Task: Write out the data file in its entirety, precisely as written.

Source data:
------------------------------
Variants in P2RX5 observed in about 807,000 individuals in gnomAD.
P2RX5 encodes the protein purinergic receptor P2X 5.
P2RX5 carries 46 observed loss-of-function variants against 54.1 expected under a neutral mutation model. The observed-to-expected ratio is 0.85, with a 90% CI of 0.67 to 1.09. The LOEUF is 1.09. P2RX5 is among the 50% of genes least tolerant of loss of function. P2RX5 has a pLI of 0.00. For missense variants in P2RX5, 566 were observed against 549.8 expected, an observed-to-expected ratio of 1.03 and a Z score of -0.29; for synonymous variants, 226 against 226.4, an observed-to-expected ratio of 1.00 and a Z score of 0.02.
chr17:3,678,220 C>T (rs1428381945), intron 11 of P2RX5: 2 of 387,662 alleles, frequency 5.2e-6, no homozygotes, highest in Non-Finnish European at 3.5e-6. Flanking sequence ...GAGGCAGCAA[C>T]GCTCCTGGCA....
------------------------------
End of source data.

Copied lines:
Variants in P2RX5 observed in about 807,000 individuals in gnomAD.
P2RX5 encodes the protein purinergic receptor P2X 5.
P2RX5 carries 46 observed loss-of-function variants against 54.1 expected under a neutral mutation model. The observed-to-expected ratio is 0.85, with a 90% CI of 0.67 to 1.09. The LOEUF is 1.09. P2RX5 is among the 50% of genes least tolerant of loss of function. P2RX5 has a pLI of 0.00. For missense variants in P2RX5, 566 were observed against 549.8 expected, an observed-to-expected ratio of 1.03 and a Z score of -0.29; for synonymous variants, 226 against 226.4, an observed-to-expected ratio of 1.00 and a Z score of 0.02.
chr17:3,678,220 C>T (rs1428381945), intron 11 of P2RX5: 2 of 387,662 alleles, frequency 5.2e-6, no homozygotes, highest in Non-Finnish European at 3.5e-6. Flanking sequence ...GAGGCAGCAA[C>T]GCTCCTGGCA....